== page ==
And of course, the big four are not the only purveyors of a career in assurance. You'd be wise to consider mid tier firms as well as internal, as opposed to external, audit careers and qualifications in the public sector and/or industry. So, as I'm ever wont to say, you need to get your story straight and be able to articulate robustly why you have chosen to change careers, what you expect to get from your new career and what you are bringing to a new potential employer.
I think you are on the right lines by using your current network to do some due diligence and also build some relationships in assurance. While not openly acknowledged, targeted in house relationship building can sometimes be a method of short circuiting the traditional recruitment process, and if not, it will at least add to your invaluable sources of background knowledge.
“With homeworking now an option, many of my team members are now working from home more frequently which has left me picking up the additional work as I’ve become the go to person. Beyond the extra work, effectively communicating with them has become increasingly time consuming. With an already intense workload, do you have any advice to best navigate this situation?”
Effective communication is imperative.
Openly communicating your frustrations with your line manager is your first point of call. Highlighting the differences in responsibilities and expectations for those working at home to those office based needs to be formally acknowledged. From here you should discuss the rewards and recognition for these differences, consider discussing a pay rise, bonus, promotion or other benefits. If you feel you require it, additional support or compensatory change in an aspect of your role could be a further option.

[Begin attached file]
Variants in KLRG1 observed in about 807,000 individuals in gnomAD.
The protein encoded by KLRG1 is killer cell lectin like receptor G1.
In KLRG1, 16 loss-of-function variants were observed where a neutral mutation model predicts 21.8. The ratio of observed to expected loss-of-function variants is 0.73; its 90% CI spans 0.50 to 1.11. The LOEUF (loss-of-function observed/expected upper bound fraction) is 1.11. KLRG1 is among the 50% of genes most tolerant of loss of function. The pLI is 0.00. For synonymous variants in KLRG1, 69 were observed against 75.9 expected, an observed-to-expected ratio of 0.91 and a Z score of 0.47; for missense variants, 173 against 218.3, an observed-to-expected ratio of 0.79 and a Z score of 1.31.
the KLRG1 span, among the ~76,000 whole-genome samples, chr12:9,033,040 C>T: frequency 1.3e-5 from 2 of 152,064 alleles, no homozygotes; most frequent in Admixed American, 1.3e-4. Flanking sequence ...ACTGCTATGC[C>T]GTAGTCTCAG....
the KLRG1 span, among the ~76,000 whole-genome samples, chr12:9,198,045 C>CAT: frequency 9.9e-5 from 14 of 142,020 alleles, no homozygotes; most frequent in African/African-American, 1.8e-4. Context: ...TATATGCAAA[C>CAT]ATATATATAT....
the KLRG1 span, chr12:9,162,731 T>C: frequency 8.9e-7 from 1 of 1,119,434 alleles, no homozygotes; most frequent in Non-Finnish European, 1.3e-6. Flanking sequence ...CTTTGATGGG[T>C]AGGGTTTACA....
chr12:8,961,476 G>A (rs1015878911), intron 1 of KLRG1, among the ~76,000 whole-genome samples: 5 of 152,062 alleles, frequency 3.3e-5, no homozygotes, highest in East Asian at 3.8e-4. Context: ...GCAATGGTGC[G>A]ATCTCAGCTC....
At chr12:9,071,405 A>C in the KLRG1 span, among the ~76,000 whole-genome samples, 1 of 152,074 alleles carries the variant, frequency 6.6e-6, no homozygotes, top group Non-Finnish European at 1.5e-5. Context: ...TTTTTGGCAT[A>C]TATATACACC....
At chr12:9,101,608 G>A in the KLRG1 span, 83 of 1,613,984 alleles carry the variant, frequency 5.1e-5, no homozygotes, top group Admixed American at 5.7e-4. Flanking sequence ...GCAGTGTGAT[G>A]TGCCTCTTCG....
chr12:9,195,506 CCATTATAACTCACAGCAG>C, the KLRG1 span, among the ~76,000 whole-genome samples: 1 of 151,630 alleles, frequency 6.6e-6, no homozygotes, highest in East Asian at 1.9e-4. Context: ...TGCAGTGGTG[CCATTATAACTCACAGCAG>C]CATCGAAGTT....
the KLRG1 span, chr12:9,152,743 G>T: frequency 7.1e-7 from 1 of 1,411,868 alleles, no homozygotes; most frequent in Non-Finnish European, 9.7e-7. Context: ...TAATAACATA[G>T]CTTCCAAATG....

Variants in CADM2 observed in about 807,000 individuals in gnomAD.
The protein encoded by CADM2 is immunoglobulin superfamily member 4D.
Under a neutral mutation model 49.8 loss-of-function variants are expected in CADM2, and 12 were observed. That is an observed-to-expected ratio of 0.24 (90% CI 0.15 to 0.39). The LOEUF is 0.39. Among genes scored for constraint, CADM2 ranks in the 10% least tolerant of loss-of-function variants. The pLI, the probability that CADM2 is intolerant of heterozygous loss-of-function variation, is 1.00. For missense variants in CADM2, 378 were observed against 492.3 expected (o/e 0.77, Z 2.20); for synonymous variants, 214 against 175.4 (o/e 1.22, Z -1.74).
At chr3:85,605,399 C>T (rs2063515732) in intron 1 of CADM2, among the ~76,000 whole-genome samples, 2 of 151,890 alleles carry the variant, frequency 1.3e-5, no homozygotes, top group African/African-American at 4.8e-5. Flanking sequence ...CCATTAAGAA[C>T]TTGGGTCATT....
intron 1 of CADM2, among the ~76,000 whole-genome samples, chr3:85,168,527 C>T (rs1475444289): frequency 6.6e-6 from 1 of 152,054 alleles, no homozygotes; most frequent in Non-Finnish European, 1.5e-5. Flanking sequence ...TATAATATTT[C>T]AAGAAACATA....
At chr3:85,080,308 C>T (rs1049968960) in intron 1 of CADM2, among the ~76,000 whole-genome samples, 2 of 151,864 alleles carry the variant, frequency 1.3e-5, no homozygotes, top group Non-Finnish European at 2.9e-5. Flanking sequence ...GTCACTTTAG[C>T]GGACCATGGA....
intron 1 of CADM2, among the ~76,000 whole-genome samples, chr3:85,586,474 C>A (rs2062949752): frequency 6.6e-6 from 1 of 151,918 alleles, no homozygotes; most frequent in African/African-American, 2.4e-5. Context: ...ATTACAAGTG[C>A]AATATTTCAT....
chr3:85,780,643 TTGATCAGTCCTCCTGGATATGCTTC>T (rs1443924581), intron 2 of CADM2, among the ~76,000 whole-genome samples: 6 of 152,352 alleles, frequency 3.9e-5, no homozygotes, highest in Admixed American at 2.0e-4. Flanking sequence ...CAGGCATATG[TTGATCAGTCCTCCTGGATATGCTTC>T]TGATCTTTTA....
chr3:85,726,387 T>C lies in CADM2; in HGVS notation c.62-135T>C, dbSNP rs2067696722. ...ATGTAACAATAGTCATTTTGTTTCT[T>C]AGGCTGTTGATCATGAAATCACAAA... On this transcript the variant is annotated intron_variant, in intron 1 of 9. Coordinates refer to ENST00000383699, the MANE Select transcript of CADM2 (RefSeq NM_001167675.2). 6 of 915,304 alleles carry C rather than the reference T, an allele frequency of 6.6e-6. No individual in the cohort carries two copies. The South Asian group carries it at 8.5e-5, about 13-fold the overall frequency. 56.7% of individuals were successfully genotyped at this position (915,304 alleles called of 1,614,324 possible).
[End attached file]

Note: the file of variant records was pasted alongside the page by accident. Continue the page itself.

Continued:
By flagging your concerns with management, it will highlight the need for a more robust homeworking strategy. The practical differences of the two alternate working locations may have been overlooked by management and by flagging them, management will be able to implement better strategies to tackle the issues. For example, management may question:
- Is homeworking realistically a viable option for this particular role and team?
- Is there a better way to approach problem-solving issues and sort any non-routine problems for those who are homeworking?
- Should further resources be added to the department to address the problems?
Ironing out communication can be the best starting point for you in the meantime. Implementing a communication strategy which is answered, circulated and on hand by all team members is important. This strategy should include the following information:
- Best time to be contact
- Best method of communication - whether that be email, mobile, instant message or other
- Aimed response time
- Contact information if an ‘urgent’ situation arises and what constitutes as an urgent situation
- Alternate individuals to contact for specific projects or if unreachable
“For three days a week I work from home, and on my days off my boss continues to contact me. Initially this contact didn’t bother me as it was only five minutes every now and again, however it has now escalated and become a regular occurrence. It is getting to the point that I can no longer juggle my additional commitments. I don’t want to put my job at risk, but I can’t continue to be contacted this frequently on my time off. Any advice?”
Whilst undoubtably an annoying situation, if viewed from your boss’s perspective, or even the company, then the challenge is likely to be even more exciting. With the switching from the traditional full-time Monday to Friday roles to the myriad of flexible situations, I can appreciate that your boss may simply not understand your working flexible arrangement.